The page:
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attorney-client privilege

The attorney-client privilege is a rule that preserves the confidentiality of communications between attorneys and clients when the purpose of the communication is the client seeking legal advice and the attorney giving legal advice. The rule provides that attorneys may not disclose such communications, and opposing parties in civil litigation, criminal litigation, or other legal proceedings may not compel the disclosure of such communications. The privilege is designed to allow clients to openly share information with their attorney so the attorney can provide the most effective adv ice and representation possible.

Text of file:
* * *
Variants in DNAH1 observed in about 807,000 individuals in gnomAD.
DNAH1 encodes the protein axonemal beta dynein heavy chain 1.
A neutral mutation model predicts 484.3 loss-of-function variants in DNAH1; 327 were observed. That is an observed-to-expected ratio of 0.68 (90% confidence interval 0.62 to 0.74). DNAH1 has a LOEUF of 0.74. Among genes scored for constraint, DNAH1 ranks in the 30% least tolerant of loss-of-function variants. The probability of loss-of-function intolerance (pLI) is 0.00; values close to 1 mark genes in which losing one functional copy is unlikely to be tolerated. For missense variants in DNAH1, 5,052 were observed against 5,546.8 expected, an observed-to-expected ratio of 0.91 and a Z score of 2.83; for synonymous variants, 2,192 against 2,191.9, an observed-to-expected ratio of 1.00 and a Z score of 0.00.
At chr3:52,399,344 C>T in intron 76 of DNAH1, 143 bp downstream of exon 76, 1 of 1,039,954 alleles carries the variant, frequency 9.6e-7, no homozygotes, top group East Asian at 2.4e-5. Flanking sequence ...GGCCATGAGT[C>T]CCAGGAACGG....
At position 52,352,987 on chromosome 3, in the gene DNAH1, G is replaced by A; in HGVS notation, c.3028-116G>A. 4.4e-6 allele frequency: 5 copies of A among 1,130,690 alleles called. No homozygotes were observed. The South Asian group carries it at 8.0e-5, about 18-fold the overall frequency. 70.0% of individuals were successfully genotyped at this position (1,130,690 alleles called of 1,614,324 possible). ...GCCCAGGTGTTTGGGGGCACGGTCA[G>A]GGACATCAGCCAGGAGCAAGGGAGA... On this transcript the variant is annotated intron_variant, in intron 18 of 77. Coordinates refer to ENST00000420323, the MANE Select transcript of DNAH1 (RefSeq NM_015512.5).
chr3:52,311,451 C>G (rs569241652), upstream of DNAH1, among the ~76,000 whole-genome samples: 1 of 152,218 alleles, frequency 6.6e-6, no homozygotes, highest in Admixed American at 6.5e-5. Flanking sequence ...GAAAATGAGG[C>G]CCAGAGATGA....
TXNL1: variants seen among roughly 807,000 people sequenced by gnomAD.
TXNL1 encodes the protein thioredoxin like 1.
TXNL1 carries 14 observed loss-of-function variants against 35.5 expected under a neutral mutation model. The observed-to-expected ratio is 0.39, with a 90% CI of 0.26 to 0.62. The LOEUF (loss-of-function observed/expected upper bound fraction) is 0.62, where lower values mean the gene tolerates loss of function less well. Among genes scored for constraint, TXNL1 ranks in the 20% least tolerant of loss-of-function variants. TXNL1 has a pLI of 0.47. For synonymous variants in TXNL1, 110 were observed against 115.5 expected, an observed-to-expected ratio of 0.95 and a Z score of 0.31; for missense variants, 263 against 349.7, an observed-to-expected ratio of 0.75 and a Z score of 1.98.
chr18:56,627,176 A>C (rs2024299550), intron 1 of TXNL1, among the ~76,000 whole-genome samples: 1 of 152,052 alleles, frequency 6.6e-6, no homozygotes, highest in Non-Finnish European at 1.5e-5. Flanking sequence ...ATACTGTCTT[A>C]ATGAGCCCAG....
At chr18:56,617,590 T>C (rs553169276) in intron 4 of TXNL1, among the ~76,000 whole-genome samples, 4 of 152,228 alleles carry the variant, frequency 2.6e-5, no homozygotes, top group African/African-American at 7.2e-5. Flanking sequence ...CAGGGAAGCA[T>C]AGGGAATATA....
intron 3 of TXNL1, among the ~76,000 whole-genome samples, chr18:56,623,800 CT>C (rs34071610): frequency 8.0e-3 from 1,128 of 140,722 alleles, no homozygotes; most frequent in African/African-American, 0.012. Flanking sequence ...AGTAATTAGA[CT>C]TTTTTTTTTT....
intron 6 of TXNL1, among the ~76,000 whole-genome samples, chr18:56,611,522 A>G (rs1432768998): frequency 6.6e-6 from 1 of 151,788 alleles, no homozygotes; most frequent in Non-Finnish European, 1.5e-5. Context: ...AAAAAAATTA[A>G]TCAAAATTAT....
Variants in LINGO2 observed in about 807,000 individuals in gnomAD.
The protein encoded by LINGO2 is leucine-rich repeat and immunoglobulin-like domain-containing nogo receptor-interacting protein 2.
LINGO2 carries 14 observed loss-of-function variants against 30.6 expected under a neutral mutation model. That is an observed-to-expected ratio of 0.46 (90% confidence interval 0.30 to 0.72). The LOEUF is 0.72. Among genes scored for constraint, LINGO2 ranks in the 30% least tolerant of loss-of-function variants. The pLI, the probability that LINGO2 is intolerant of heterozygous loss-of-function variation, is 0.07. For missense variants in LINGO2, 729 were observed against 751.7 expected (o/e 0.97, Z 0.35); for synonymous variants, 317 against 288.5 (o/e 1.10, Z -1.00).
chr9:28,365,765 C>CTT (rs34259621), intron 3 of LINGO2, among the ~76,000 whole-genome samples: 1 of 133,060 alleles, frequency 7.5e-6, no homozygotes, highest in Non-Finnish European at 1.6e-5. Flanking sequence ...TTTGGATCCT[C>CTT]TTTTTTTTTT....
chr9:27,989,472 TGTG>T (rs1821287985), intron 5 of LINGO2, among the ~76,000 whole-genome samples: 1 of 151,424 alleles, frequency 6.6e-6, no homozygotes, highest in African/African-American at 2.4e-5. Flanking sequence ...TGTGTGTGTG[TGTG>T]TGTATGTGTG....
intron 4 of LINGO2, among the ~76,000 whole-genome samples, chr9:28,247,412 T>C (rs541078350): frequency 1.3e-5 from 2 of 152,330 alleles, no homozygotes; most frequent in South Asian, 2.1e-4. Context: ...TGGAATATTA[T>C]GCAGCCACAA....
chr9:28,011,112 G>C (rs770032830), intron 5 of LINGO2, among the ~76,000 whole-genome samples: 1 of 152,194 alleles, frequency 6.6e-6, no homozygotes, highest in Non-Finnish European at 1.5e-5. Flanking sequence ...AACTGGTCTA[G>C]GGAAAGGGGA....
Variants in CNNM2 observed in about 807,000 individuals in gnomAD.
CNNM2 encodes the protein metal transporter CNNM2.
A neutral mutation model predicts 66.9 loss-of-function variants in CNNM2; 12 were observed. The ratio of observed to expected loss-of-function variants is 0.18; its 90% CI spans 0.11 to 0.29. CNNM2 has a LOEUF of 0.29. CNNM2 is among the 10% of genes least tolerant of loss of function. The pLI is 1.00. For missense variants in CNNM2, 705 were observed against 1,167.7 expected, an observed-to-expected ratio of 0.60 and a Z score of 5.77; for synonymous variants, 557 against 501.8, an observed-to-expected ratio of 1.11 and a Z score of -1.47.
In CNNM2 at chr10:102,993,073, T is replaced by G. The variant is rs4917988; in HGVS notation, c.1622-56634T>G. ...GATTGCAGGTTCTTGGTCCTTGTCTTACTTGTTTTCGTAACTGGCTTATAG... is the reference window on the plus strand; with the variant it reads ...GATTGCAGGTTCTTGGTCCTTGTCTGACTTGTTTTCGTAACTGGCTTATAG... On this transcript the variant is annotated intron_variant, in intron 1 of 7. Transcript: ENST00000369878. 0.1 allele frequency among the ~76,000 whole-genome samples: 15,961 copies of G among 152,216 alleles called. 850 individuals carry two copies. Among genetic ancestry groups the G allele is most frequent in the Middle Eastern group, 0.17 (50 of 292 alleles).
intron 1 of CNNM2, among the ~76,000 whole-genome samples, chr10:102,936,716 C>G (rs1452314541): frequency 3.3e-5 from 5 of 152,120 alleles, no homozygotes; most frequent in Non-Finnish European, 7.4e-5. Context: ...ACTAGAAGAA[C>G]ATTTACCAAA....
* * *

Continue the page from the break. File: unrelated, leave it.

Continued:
In Texas, the attorney-client privilege is codified under the Texas Rules of Evidence, Rule 503. This rule protects confidential communications between a client and their attorney, ensuring that any information exchanged for the purpose of obtaining or providing legal advice remains private. The privilege applies to both verbal and written communications and extends to prevent attorneys from testifying about these communications in court, as well as protecting against their disclosure by the client or the attorney. However, there are exceptions to this privilege, such as when the communication relates to a future crime or fraud or if the client waives the privilege. The privilege survives the end of the attorney-client relationship and even the death of the client. It is a cornerstone of the legal system in Texas, as it encourages full and frank communication between clients and their attorneys, which is essential for effective legal representation.

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